Ferrari Catches Volkswagen
About 30 years ago, the Colt 1911 handgun was replaced as the standard issue US military sidearm. The choice came down to two contenders: Beretta and SIG Sauer. Depending on which story you follow, either SIG made a big blunder on the pricing or the Italians had some intel on suitcase nukes that we needed. Either way, both companies made out well, as the Beretta M9 appeared on the hips of many Army “Joes” and the Navy Seals jumped on the SIG P226.
About the same time, Gaston Glock taught the greatest entrepreneur lesson the world had ever seen, replacing America’s Gun, that venerable Colt 1911, with the GLOCK 17 “Safe Action” Pistol. There were jokes about the tupperware case. There were scares about airport metal detectors. And by 1999 there were 2 million purchased. 5 million by 2007.
Everyone scoffed, then everyone copied the polymer, striker-fired wonder. Smith & Wesson came out with the M&P Series. Springfield Armory came out with the XD Series. Everybody started selling a polymer, striker-fired pistol – except the Ferrari of handguns, SIG Sauer. They updated and uplifted their Classic Pistol line and continued to sell pistols at twice the price (or more) of the now ubiquitous “peoples pistol,” the GLOCK.
This past year the story changed. For the first time ever, SIG Sauer began selling its very first striker-fired pistol, the P320. (They had only dabbled in polymer two or three times over the past three decades, too.) The P320 is marketed squarely at: the GLOCK. Surprise! It’s being called the GLOCK Killer.
A SIG Sauer P320 Carry arrived at JoeGLOCK HQ last month and it’s now had about three hundred rounds through it. Next month I’ll give you my thoughts on this newest GLOCK copy. For now, here’s the out-of-box experience and the features going head-to-head against GLOCK.
The “gun” is actually a steel trigger assembly that is serialized and can be dropped into other frames and/or used with other slides. It sounds cool, and for folks that live in communist states which limit the number of handguns a citizen may own, this does provide some variety. But for those of us still living free, having three frames doesn’t really help if you want to hand your buddy a gun to shoot while you’re practicing with yours. The mags are steel – standard SIG – and you get two. Take down for field stripping is the same as a GLOCK with one big exception: you don’t have to pull the trigger. It turns out a lot of yo-yo’s out there actually shoot themselves during disassembly. <sigh>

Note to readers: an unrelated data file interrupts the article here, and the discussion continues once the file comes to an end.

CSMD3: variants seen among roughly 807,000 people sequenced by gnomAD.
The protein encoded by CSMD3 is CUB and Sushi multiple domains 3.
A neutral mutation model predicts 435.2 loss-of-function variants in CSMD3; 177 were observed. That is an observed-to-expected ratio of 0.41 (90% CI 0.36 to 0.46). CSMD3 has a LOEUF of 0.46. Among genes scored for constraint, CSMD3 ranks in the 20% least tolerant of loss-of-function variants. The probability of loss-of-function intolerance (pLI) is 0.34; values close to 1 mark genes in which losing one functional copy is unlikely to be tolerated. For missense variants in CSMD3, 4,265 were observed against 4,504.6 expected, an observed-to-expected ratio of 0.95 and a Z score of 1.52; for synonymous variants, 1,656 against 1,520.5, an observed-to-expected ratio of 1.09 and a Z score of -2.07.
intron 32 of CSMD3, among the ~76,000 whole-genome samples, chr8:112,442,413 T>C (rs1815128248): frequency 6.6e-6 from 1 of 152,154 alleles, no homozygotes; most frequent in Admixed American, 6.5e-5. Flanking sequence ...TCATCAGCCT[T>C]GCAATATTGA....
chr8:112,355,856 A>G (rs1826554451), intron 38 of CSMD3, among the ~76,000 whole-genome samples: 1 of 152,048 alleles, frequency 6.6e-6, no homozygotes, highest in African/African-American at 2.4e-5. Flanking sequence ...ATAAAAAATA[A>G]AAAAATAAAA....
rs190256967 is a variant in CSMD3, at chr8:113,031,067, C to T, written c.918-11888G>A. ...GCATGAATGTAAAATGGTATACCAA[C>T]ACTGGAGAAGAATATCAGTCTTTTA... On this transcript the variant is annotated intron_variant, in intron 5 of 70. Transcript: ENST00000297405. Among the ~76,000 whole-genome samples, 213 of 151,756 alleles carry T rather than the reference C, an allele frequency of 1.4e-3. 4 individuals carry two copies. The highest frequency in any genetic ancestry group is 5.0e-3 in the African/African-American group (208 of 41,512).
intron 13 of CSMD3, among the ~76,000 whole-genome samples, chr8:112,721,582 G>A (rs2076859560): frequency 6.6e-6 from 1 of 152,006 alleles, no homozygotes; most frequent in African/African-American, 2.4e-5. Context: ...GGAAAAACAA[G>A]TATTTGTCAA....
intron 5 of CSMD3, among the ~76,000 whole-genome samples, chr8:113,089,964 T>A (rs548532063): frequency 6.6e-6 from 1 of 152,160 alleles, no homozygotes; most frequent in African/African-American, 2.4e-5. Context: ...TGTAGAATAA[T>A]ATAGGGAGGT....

The magazine release button is triangular and pushes easily. It’s got a full size rail on the dust cover with serrations on the front of the slide as well as the rear. That does make it easier to rack the slide if you’re inclined to hold forward of the ejection port. Watch that muzzle! I think it looks cool to rack it that way when I’m giving a class. 🙂 It has the same three internal safeties the GLOCK has (trigger, safety, drop) and no external safety to deal with. They even market their trigger safety as not having a split (like the GLOCK), but you can buy it with the split if you’ve got to have it.
It’s all GLOCK-ishly familiar. The only remarkable part of the gun is the trigger guard. If you’re sitting the SIG side-by-side with the GLOCK you’d think they were the same size. It certainly looks that way in the pics. They’re even the same shape! But on a cold day (like we’ve had recently) you’ll find your gloved trigger finger will fit a bit easier on the SIG. It’s actually 7mm longer (0.276 inches) than the GLOCK. I guess the cold in Exeter, New Hampshire, is a little tougher than Smyrna, Georgia.
For those of you who aren’t GLOCK fan boys (as I am) and haven’t shot with me, my go-to gun is a GLOCK 19 with an RMR (ruggedized miniature red-dot) optic and a threaded barrel for my silencer. However, if you see me on the range, more often than not I’m shooting a SIG Sauer P226 with a short-reset trigger and tactical light. Next month I’ll compare the new SIG P320 to the GLOCK 19 and the Classic SIG P226, which is old-fashioned hammer fired.